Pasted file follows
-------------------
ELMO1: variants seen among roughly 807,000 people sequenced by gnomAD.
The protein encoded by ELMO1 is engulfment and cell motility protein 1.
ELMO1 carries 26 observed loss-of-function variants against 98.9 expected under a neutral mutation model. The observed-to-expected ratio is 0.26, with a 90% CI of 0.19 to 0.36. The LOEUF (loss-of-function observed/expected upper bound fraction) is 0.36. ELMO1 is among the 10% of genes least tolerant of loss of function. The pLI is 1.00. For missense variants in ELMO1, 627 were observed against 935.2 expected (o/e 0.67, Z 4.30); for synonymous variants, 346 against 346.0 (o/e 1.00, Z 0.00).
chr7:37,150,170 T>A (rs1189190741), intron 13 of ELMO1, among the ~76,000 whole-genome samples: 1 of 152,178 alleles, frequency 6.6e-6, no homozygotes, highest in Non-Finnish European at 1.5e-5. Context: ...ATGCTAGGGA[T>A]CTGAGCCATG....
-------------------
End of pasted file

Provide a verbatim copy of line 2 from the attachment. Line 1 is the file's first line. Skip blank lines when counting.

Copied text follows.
The protein encoded by ELMO1 is engulfment and cell motility protein 1.